TLS Handshake Message Proposal (Was: Re: JEP 244: TLS Application-Layer Protocol Negotiation Extension)

Bradford Wetmore bradford.wetmore at
Fri May 22 00:55:41 UTC 2015

Hi Thomas,

After reviewing a lot of the back mail and the desires expressed, I have 
two orthogonal proposals to make.

The first (next email) is an ALPN-specific API using a simple callback 
selector which I think addresses most of the protocol selection concerns.

The second (below) is a more general Handshake Message framework that 
will allow for insertion of other HandshakeMessage types (e.g. 
SupplementalData/NewSessionTicket), packet capture (e.g. Fallback 
Signaling CipherSuite/Channel Bindings), and for 
adding/modifying/deleting TLS Extensions (both known/unknown).  I was 
trying to come up with something less-involved for just the 
Hellos/Extensions, but it became clear that anything for those messages 
could easily be extended to all.  There's a lot of new APIs, but I find 
it pretty straightforward to use.  Sample code is below.

These two approaches are complementary: they don't depend on each other 
at all.  Given that we need to have ALPN support in just over a month 
(to allow for test/JCK/HTTP-2 development), my colleagues are concerned 
about taking on major API development at this date.  Depending on 
feedback, I'm thinking of proposing that we do the first approach for 
JDK 9, and for the second, initiate a JEP and target the JDK 10 timeframe.

On 5/20/2015 12:15 PM, Thomas Lußnig wrote:
> Hi,
> 1) There are two types of extensions:
> a) That modify the directly how the engine works like
> [max_fragment_length,heartbeat,encrypt_then_mac,extended_master_secret,SessionTicket,...]

As a third party, these will be impossible without making your own JDK 
(or it being supported by the implementation).

> b) That provide information (modify the network protocol) like
> [npn,alpn,status_request,...]

Yes.  I tried to call those out in my email.

> 2) Some of the extionsions could be called deprecated like heartbeat,
> npn and compression

NPN/compression certainly, but I wasn't aware heartbeat was deprecated. 
  Possibly in the court of public opinion after "Heartbleed."  :)  Is it 
really deprecated in the wider TLS community?

> signed_certificate_timestamp -> could be done without ocsp interference
> via extra handshake message like you can see it on
> there are 3 ways
> how this can be archived Included in Certificate, OCSP-Response, Extra
> handshake Message.
> extended_master_secret -> would be hard to implement.
> There are two ways to enable better plugin/develop:
> + Expose the client handshake to KeyManager/TrustManager/Client/Server
> + Generic way to add extra messages [status_request, user_mapping,
> client_authz, server_authz, application_layer_protocol_negotiation,
> status_request_v2, signed_certificate_timestamp,
>                                                                 npn,

Before I describe the approach, in recent discussions with my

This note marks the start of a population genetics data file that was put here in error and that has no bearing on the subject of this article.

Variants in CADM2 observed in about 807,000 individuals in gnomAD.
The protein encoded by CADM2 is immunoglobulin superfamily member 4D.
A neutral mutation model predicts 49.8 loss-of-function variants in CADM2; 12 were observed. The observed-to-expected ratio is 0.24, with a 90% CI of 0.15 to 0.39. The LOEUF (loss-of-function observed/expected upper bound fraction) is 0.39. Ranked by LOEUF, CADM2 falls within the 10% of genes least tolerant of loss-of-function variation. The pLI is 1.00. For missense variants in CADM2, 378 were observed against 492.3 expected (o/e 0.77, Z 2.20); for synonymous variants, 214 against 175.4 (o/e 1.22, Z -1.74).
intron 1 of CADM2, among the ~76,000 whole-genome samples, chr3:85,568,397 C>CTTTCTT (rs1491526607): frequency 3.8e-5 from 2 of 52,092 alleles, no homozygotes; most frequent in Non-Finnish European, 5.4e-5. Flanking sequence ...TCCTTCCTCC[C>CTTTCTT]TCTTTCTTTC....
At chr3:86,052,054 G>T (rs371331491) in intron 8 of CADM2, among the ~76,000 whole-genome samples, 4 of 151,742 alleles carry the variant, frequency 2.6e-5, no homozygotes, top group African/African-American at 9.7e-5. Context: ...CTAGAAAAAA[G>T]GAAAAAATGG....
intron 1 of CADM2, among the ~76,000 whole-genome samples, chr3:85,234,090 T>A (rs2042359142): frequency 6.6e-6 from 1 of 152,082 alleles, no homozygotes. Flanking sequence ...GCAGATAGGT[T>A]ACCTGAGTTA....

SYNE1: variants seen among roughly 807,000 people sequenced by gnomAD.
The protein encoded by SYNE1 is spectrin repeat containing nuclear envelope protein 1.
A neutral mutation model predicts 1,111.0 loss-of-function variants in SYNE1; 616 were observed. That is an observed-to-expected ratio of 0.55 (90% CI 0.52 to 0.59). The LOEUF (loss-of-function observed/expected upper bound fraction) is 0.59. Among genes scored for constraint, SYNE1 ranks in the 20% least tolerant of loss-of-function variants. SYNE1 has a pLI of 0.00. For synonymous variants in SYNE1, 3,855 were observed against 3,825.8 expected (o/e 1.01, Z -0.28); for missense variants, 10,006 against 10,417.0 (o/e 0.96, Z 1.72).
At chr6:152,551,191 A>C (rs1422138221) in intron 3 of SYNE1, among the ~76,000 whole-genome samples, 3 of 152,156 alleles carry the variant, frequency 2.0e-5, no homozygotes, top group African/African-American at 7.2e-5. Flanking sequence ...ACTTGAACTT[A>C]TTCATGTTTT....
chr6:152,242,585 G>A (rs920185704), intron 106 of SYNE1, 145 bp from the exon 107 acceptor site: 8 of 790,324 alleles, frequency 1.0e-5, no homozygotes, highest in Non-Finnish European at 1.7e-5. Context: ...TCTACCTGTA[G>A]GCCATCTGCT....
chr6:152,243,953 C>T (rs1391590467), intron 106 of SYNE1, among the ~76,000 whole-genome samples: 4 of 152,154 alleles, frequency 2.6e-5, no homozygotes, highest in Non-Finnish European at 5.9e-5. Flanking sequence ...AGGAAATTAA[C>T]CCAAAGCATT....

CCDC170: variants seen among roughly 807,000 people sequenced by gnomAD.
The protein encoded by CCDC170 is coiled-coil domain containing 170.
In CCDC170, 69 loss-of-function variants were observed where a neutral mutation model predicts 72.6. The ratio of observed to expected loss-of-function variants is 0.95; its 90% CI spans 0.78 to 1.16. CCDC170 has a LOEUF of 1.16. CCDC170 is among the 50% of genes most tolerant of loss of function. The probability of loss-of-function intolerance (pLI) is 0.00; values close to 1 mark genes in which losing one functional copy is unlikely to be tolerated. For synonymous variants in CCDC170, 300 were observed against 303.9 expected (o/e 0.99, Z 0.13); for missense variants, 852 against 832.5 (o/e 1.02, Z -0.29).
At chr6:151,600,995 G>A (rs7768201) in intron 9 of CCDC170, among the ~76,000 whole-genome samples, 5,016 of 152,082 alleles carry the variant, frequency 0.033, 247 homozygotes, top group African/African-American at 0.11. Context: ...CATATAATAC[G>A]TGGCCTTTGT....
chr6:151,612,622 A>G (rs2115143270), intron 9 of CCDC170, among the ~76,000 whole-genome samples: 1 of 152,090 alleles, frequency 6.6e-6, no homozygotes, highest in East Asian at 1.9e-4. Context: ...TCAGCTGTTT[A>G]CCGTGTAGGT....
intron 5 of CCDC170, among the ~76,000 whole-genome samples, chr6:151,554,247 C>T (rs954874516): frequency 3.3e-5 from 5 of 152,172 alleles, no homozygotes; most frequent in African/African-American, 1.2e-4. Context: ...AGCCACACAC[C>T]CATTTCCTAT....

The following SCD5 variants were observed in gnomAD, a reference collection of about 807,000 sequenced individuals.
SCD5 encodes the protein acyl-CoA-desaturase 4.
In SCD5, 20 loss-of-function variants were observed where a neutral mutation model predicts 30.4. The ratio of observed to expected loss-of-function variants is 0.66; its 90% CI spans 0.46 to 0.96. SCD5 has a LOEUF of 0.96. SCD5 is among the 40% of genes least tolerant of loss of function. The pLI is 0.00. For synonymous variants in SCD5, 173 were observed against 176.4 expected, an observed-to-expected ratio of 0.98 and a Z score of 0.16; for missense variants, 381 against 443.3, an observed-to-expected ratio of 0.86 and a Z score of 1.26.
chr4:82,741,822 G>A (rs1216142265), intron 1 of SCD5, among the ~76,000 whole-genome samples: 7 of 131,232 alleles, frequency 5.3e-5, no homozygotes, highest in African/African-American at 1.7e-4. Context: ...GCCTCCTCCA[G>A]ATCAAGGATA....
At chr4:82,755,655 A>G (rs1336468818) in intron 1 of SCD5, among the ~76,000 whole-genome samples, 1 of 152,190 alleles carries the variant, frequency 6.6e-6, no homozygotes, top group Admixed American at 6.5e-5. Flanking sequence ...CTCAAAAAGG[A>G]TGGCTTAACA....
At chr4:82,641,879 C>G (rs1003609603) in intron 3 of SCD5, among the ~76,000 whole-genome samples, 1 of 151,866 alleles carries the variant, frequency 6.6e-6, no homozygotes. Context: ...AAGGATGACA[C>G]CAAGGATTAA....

colleagues, they were also concerned that this would require too much 
intimate knowledge of the TLS protocol.  The other major concern is that 
this is fair amount of change to support a small number of situations. 
Is it worth the time to work this up if no one will actually use it?

Of course, the big plus is that developers can now add functionality 
that we just haven't been able to do.  That said, this approach does 
give developers full freedom to shoot themselves in the foot if they get 
the messages (format/values) wrong.  ;)  We'll do what we can in 
creating APIs for creating valid messages, and leave it to developers to 
create the rest.

Here's the approach.  This is just a first draft, lots of work to be 
done here.

To provide access to the handshake, developers provide callbacks for 
well-defined handshake points:

     SSLSocket.setCallbacks(CallBack[] cbs)
     SSLEngine.setCallbacks(CallBack[] cbs)


         int handshakeMessageType,
         boolean extensions,


     handshakeMessageType are the TLS numbers:

            hello_request(0), client_hello(1), server_hello(2),
            finished(20), change_cipher_spec(254), (255)

         Note:  CCS is not a formal handshake message, but
         is part of the handshake.

     INBOUND         message is from peer, called upon receipt
     OUTBOUND_BEFORE message is for peer, called before generation
     OUTBOUND_AFTER  message is for peer, called after generation
                         message is also available for review

     extensions      if true and handshakeMessageType is
         client_hello/server_hello, any bytes returned from the
         handlers (see below) will be added as extensions.
         If false or any other message type, any bytes are added as a
         separate message (e.g SupplementalData for user_mapping)

         If you duplicate an extension, it will replace the existing
         one in the output message.

The CallBackHandler has:

     byte[] callBackHandler.handle(
         SSLSocket s, int handshakeMessageType, When w,
         boolean extensions, byte[] message) throws SSLException

     byte[] callBackHandler.handle(
         SSLEngine e, int handshakeMessageType, When w,
         boolean extensions, byte[] message) throws SSLException


      message is the raw message bytes, which is null if

      the return byte[] value is any additional message(s) to send.
      For the case of ClientHello/ServerHello OUTBOUND_AFTER, this
      would be the chance to add/replace extensions to the end of the
      Hello messages.

This approach will also allow applications to generate/respond to 
unknown/future handshake message types, as we simply look in the list of 
callbacks and respond at the appropriate time.  The messagetypes are 
always ints, so INBOUND unknown messages would need to be handled by the 

This would also give direct access to the Channel Bindings, both the raw 
cert encoding (tls-server-end-point) and FINISHED (tls-unique) messages.

To assist in the parsing/generation of messages/extensions, there would